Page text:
Common Mistakes People Make When Obtaining A Mortgage

Keegan Casidy |

home purchase mortgage

For most people, obtaining a mortgage is the only means of achieving homeownership. However, mortgages involve more than seeing a house you like, going to your bank, borrowing the money, and buying the house. Obtaining a mortgage consists of a process that must be followed and understood.

A mortgage is the biggest debt most of us will ever carry, and a home is the most expensive purchase we will ever make. Misunderstanding a mortgage clause could lead to losing out on buying the home of your dreams, or you may sign up for a mortgage that you can’t actually afford. While working with a mortgage broker will help you avoid these expensive errors, if you’re applying for a mortgage by yourself, knowing what to avoid will benefit your cause.

If you’re in the process of buying a home and are trying to obtain a mortgage or refinance an existing mortgage, here’s a list of the most common mortgage mistakes people make and solutions to avoiding them.

1. Referring Only to the Bank When Applying for a Mortgage. Purchasers often make this mistake assuming that because they are an “existing customer”, their bank will offer them a really good rate and product. However, one should always consider that there are many more options than just their current bank. In fact, there are well over thirty lenders in British Columbia where a client can turn to, to find a mortgage. Not all lenders will have better rates or products, but it is almost a guarantee that one or more lenders have something better than what the client’s bank is offering. The difference in rate and product could save the client thousands and enable them to pay off their mortgage much sooner.

2. Looking Solely at Rate When Seeking a Mortgage. This is one of the most common mistakes because often the mentality is that “a lower rate = saving money.” In many cases this is not true, one should consider that there are many mortgage products available. Some of which can be tailored to help save money, pay down principal faster, provide attached secured Line of Credits, etc. Additionally, it is also important to know that many mortgages with the lowest rates actually have various restrictions that can be costly. For example, no portability, low or no pre-payment privileges, higher penalties, etc. To ensure a client is getting the best mortgage rate and product it is always best to consult a mortgage broker.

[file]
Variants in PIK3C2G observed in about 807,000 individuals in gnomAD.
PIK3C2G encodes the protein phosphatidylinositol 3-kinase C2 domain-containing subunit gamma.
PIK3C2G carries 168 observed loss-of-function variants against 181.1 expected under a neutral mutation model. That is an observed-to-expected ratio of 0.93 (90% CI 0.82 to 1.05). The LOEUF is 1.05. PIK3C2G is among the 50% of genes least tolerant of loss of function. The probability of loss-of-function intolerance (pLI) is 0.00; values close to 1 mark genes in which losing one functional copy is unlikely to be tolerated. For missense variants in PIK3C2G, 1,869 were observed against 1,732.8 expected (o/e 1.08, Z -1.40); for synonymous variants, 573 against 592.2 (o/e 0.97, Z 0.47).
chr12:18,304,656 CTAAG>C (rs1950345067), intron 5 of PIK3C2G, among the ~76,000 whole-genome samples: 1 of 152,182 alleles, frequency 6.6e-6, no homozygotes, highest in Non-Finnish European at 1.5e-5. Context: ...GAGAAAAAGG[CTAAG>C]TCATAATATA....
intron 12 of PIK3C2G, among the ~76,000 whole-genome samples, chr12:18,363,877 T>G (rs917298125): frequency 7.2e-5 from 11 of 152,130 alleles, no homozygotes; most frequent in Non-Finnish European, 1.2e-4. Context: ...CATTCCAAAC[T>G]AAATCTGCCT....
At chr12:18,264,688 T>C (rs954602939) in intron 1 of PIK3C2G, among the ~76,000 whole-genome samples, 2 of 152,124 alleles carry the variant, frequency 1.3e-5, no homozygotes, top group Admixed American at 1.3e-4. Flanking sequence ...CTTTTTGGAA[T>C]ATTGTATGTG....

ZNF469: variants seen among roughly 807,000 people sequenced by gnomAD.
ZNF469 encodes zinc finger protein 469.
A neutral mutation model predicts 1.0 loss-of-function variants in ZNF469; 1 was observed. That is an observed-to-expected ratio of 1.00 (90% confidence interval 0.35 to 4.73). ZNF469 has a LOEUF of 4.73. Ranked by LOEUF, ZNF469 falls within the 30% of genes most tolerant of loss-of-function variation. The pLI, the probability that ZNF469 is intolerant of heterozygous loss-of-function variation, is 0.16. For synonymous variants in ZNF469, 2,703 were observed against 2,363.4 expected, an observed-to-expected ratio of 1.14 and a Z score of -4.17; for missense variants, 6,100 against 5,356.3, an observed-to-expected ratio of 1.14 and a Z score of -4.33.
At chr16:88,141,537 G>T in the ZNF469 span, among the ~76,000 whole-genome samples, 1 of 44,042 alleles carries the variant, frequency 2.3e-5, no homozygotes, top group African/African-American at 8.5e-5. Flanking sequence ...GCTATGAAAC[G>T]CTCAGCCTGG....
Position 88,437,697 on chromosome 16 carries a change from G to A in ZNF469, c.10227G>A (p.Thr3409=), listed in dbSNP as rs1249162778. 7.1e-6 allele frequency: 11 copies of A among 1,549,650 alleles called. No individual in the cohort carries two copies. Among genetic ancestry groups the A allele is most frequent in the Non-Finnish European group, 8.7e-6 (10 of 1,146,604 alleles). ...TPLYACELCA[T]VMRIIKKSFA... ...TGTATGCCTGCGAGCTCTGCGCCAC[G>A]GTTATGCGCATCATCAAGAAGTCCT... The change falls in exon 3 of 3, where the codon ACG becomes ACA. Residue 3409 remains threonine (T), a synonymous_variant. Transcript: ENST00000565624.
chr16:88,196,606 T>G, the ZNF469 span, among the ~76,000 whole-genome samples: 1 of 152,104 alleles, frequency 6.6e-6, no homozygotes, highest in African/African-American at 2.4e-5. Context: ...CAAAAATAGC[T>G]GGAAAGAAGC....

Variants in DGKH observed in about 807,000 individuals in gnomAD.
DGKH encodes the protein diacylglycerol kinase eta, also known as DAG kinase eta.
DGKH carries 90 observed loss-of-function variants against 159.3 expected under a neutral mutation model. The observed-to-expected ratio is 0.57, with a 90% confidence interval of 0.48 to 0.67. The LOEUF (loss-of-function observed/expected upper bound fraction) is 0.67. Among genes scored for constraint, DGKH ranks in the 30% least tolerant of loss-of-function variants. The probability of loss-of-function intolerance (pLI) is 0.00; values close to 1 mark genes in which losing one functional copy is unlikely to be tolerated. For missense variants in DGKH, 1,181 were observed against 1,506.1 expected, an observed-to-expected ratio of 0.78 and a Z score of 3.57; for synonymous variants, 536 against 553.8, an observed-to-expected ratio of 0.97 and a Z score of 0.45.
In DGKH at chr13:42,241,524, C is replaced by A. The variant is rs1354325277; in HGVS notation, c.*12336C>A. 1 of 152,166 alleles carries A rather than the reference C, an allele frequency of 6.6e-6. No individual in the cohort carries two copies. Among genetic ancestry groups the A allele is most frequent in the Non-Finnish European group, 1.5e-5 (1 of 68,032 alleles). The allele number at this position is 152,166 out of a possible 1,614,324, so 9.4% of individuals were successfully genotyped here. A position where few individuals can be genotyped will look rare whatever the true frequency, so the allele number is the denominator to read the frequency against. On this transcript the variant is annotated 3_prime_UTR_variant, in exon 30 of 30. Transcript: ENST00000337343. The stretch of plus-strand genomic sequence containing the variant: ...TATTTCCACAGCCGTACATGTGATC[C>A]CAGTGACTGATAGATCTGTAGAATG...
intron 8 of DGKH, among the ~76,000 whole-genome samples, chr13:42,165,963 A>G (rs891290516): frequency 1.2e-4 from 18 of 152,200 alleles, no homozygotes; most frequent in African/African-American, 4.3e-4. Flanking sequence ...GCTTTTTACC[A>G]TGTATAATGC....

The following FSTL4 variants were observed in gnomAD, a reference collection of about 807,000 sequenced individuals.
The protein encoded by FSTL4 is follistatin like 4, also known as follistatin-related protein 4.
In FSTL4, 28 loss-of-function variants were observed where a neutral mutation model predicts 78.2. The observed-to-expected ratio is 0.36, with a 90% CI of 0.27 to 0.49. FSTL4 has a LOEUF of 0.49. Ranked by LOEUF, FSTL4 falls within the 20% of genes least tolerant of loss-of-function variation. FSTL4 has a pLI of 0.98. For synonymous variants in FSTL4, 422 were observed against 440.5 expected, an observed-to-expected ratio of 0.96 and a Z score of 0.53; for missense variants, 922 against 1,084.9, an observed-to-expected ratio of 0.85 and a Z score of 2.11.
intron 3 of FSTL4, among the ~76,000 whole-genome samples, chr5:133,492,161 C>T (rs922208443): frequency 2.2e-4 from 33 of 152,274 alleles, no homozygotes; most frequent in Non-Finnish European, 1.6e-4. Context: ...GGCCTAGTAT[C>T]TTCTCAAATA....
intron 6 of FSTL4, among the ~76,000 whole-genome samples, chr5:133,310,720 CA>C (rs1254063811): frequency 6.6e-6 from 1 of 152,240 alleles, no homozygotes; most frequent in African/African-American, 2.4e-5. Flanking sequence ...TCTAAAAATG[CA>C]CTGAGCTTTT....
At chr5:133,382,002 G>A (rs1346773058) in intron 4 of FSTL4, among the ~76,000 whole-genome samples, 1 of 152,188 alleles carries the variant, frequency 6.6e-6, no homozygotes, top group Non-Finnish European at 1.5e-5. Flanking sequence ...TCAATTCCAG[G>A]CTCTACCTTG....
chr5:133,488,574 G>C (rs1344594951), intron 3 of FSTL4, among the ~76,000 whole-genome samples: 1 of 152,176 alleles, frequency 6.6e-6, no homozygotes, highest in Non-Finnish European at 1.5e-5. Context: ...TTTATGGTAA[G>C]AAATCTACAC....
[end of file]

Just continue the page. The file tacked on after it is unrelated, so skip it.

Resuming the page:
3. Not Reading APR Prior to Signing the Commitment. While mortgage documents can be difficult to read, it is advised that one always reviews the APR before signing. The APR or Annual Percentage Rate is the cost of borrowing, expressed as a rate. In some cases, this will be lower than the rate advertised, and in others, it might be higher. If it is higher, it is because the lender has advertised a low rate, but between fees and other costs that low rate is not a true representation of what the customer is actually receiving. If the APR is lower than what is advertised this usually is a good thing. However, some lenders may offer items such as a ‘cashback’ to drive the APR down. In almost all cases this ‘cashback’ amount will be repayable upon deciding to break the mortgage term or when moving it to another institution early.

This in addition to any penalties make it very difficult to move away from the lender in the future.

4. Misunderstanding Qualification vs Affordability. Another common mistake is not understanding the costs associated with purchasing a home and the running costs associated with owning a home. This mistake is made because the conversation with a bank representative often ends upon being told the maximum approval amount.

There are several costs associated with a purchase apart from the ‘purchase price’ and the ‘down payment’. These costs include home inspection, lawyer and notary fees, appraisal (in most cases), property transfer tax (exemptions apply to first time home buyers (purchasing <$550,000), or anyone purchasing a newly built home <$750K). There are also other running costs to consider such as strata/maintenance fees, property taxes, hydro, etc.

A mortgage broker will advise on all these costs to ensure the purchase fits the client’s budget, and will also help the clients prepare for the entire process of purchasing a home.

5. Not Getting Pre-Approved/Rate-Held. Many purchasers ignore the process of getting pre-approved for a mortgage. This also applies to homeowners considering refinancing to pay for renovations, consolidating debt, or making a large capital purchase using their equity. In our present market, we have seen rates rise a handful of times over the past year. When considering a purchase or doing something with a current mortgage, it is always best to contact a mortgage broker right away.

A mortgage broker can rate-hold a file to ensure his/her client receives today’s best rates tomorrow or up to 120 days. A higher rate means a larger mortgage payment, and a larger remaining principal balance at the end of the mortgage term. Usually, a bump in rate is 0.10% to 0.25% which can be very significant when amortized over the term of a mortgage.

To avoid these and other mistakes, reach out to Keegan Casidy at The Mortgage Group. As an independent mortgage broker in North Vancouver, BC, I work with over forty mortgage lenders in British Columbia to provide you with the best mortgage options based on your mortgage needs. Whether you are a first-time home buyer or property investment mogul, I will help you get the most competitive mortgage rates and products in the market. For a complete list of services I provide, please click here. If you have any questions about mortgages, I’d love to hear from you. Please contact me here.

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